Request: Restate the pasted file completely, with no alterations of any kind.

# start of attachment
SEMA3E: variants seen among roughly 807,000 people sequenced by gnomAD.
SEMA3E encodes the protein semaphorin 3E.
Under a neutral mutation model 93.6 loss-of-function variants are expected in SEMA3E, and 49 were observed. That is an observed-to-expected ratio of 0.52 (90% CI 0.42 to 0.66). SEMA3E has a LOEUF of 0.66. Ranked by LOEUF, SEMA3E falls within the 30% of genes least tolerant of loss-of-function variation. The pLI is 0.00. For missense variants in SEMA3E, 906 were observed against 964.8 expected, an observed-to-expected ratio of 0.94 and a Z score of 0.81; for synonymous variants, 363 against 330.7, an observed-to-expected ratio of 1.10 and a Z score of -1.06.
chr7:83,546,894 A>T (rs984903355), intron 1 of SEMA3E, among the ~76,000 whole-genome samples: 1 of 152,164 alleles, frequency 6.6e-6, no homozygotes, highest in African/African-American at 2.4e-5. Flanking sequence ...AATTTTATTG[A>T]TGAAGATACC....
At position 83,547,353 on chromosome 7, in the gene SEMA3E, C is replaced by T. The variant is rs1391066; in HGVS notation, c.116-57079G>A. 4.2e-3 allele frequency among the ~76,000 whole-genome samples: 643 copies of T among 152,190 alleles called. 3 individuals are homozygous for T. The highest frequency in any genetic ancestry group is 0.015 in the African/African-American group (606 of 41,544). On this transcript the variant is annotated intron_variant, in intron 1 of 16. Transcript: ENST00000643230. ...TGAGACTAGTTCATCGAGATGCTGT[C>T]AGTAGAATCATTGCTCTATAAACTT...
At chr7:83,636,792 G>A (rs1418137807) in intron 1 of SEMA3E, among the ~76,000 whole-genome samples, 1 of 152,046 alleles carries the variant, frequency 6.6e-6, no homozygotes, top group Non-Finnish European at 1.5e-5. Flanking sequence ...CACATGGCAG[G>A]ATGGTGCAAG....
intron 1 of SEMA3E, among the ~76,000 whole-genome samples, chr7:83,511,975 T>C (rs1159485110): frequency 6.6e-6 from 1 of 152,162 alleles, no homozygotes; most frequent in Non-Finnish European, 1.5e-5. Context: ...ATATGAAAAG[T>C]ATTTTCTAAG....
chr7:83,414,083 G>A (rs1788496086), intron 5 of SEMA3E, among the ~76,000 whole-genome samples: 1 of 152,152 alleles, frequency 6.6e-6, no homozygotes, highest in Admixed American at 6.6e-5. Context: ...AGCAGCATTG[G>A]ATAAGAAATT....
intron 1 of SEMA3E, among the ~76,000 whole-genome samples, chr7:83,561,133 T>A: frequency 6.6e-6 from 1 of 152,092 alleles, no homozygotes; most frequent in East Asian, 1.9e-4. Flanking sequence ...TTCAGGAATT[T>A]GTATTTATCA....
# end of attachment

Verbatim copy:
SEMA3E: variants seen among roughly 807,000 people sequenced by gnomAD.
SEMA3E encodes the protein semaphorin 3E.
Under a neutral mutation model 93.6 loss-of-function variants are expected in SEMA3E, and 49 were observed. That is an observed-to-expected ratio of 0.52 (90% CI 0.42 to 0.66). SEMA3E has a LOEUF of 0.66. Ranked by LOEUF, SEMA3E falls within the 30% of genes least tolerant of loss-of-function variation. The pLI is 0.00. For missense variants in SEMA3E, 906 were observed against 964.8 expected, an observed-to-expected ratio of 0.94 and a Z score of 0.81; for synonymous variants, 363 against 330.7, an observed-to-expected ratio of 1.10 and a Z score of -1.06.
chr7:83,546,894 A>T (rs984903355), intron 1 of SEMA3E, among the ~76,000 whole-genome samples: 1 of 152,164 alleles, frequency 6.6e-6, no homozygotes, highest in African/African-American at 2.4e-5. Flanking sequence ...AATTTTATTG[A>T]TGAAGATACC....
At position 83,547,353 on chromosome 7, in the gene SEMA3E, C is replaced by T. The variant is rs1391066; in HGVS notation, c.116-57079G>A. 4.2e-3 allele frequency among the ~76,000 whole-genome samples: 643 copies of T among 152,190 alleles called. 3 individuals are homozygous for T. The highest frequency in any genetic ancestry group is 0.015 in the African/African-American group (606 of 41,544). On this transcript the variant is annotated intron_variant, in intron 1 of 16. Transcript: ENST00000643230. ...TGAGACTAGTTCATCGAGATGCTGT[C>T]AGTAGAATCATTGCTCTATAAACTT...
At chr7:83,636,792 G>A (rs1418137807) in intron 1 of SEMA3E, among the ~76,000 whole-genome samples, 1 of 152,046 alleles carries the variant, frequency 6.6e-6, no homozygotes, top group Non-Finnish European at 1.5e-5. Flanking sequence ...CACATGGCAG[G>A]ATGGTGCAAG....
intron 1 of SEMA3E, among the ~76,000 whole-genome samples, chr7:83,511,975 T>C (rs1159485110): frequency 6.6e-6 from 1 of 152,162 alleles, no homozygotes; most frequent in Non-Finnish European, 1.5e-5. Context: ...ATATGAAAAG[T>C]ATTTTCTAAG....
chr7:83,414,083 G>A (rs1788496086), intron 5 of SEMA3E, among the ~76,000 whole-genome samples: 1 of 152,152 alleles, frequency 6.6e-6, no homozygotes, highest in Admixed American at 6.6e-5. Context: ...AGCAGCATTG[G>A]ATAAGAAATT....
intron 1 of SEMA3E, among the ~76,000 whole-genome samples, chr7:83,561,133 T>A: frequency 6.6e-6 from 1 of 152,092 alleles, no homozygotes; most frequent in East Asian, 1.9e-4. Flanking sequence ...TTCAGGAATT[T>A]GTATTTATCA....